On Sept. 4, 2020, just after 2 a.m., one of western Montana’s most well-known grizzly bears ambled out of a brush-covered culvert and onto U.S. Highway 93, just south of the Ninepipe National Wildlife Refuge.
Known as “Griz-40,” the old matriarch had been radio collared in the late 1990s by researchers who tracked her movements throughout the Swan Valley and Mission Mountains. In that time, she mothered at least nine cubs, and was a grandmother at least 11 times over.
In 25 years, Griz-40 had never ventured further west than the edge of the Mission Mountains, until the early fall of 2020. After stepping onto the pavement in the dark hours of the morning, an ambulance transporting a patient for emergency medical services collided with the bear, who was rendered “unsalvageable” according to biologists.
Every year, maintenance crews with the Montana Department of Transportation and tribal officers collect more than 6,000 wildlife animal carcasses, primarily large mammals, from the state’s roadways. Wildlife-vehicle collisions (WVCs), whether lethal to the animals or not, contribute to more than 10% of all car accidents in Montana, a statistic that ranks Big Sky Country as the second-highest risk state for a WVC, according to data analyzed by State Farm.
New federal funding authorized by the Bipartisan Infrastructure Law is aimed at reducing the number of WVCs across the country. In early December, the U.S. Department of Transportation announced that the Federal Highway Administration’s Wildlife Crossing Pilot Program awarded more than $109 million to 19 projects that will increase roadway safety in high-risk areas, including on the Flathead Indian Reservation.
“Every year, too many Americans are injured or killed in crashes involving cars and wildlife, especially in rural areas – but President Biden is tackling this challenge through these first-ever roadway safety grants,” U.S. Transportation Secretary Pete Buttigieg said in a press release.
The Confederated Salish and Kootenai Tribes (CSKT) received an $8.6 million grant to construct a wildlife overpass spanning U.S. Highway 93, known as “The People’s Way,” within the Ninepipe National Wildlife Management Area, close to where Griz-40 took her last steps.
Constructing the wildlife crossing will be a final piece to a decades-long effort to mitigate WVCs along Highway 93 between Evaro and Polson.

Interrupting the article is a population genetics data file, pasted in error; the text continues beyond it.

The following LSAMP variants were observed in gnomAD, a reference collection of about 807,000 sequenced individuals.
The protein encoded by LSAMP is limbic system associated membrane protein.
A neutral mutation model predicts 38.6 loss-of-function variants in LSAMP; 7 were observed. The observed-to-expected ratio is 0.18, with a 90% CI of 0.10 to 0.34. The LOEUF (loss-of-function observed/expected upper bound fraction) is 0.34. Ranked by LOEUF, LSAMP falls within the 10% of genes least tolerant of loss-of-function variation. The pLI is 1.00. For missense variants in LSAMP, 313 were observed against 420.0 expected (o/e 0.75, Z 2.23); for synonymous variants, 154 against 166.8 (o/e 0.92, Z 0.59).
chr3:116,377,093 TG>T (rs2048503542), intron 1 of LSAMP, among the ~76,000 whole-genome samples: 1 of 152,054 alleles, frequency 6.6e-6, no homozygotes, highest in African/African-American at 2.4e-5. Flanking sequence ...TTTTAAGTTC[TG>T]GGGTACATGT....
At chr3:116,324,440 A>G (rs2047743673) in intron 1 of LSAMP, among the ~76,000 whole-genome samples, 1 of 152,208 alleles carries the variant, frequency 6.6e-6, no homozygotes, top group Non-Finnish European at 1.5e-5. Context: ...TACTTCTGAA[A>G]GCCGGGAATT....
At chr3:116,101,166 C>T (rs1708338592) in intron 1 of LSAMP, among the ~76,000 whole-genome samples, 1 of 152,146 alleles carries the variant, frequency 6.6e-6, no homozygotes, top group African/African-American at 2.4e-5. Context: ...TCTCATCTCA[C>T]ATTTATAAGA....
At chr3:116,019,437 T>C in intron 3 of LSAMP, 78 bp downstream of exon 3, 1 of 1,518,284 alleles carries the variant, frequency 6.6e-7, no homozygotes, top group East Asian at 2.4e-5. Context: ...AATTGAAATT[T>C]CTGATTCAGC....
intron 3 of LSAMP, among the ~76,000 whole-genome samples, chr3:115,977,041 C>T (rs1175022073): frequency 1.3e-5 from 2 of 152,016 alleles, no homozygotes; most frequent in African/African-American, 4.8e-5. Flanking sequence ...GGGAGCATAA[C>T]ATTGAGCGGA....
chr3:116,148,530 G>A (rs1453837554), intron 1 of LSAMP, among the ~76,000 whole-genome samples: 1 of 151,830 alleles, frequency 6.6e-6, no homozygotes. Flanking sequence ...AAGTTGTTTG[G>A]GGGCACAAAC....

From 2009 to 2010, the CSKT, in conjunction with the Montana Department of Transportation and the Federal Highway Administration, constructed 41 wildlife crossing structures along the highway. The most obvious structure to passing motorists is the “Animals’ Trail,” a 197-foot-wide vegetated bridge that spans the busy highway near Gray Wolf Peak Casino at the southern end of the reservation. The other wildlife crossing structures include culverts, underpasses, crossing guards, 18 miles of wildlife fencing and 60-jumpouts, all designed to prevent animals from intersecting with cars at any given point.
The efforts have proved successful, according to a follow-up report released in 2016, with more than 22,648 successful animal crossings recorded annually.
During a monitoring period from 2011 to 2015, wildlife cameras captured 6,626 animals crossing the Animals’ Way overpass, including 6,076 white-tailed deer, 30 black bears, 59 coyotes, 25 elk, and three moose.
Data from the same period showed grizzly bears using wildlife crossing structures in the Post Creek area, just south of Ninepipe, at least 19 times.
“Mitigation measures associated with the reconstruction of U.S. 93 North through the Ninepipe wetland area should, in general, have long sections of wildlife fences (preferably continuous) with wildlife crossing structures that are suitable for grizzly bears,” the report concluded.
More recent studies have shown that larger mammals, including grizzlies, are more likely to utilize large crossing structures, such as overpasses, than smaller culverts and underpasses. The Ninepipe overpass was specifically designed with grizzlies in mind.
Animal crossing structures draw a lot of support from Montanans. According to Colorado College’s State of the Rockies Project Conservation in the West Poll, which was released in February, 86% of Montanans support constructing additional wildlife crossing structures across major highways that intersect with known migration routes.
In the press release announcing the funding, Federal Highway Administrator Shailen Bhatt said the projects will greatly reduce the number of collisions between motorists and wildlife. “These roadway safety investments will ensure that motorists and wildlife get to their destinations safely and are a win-win for safety and the environment.”
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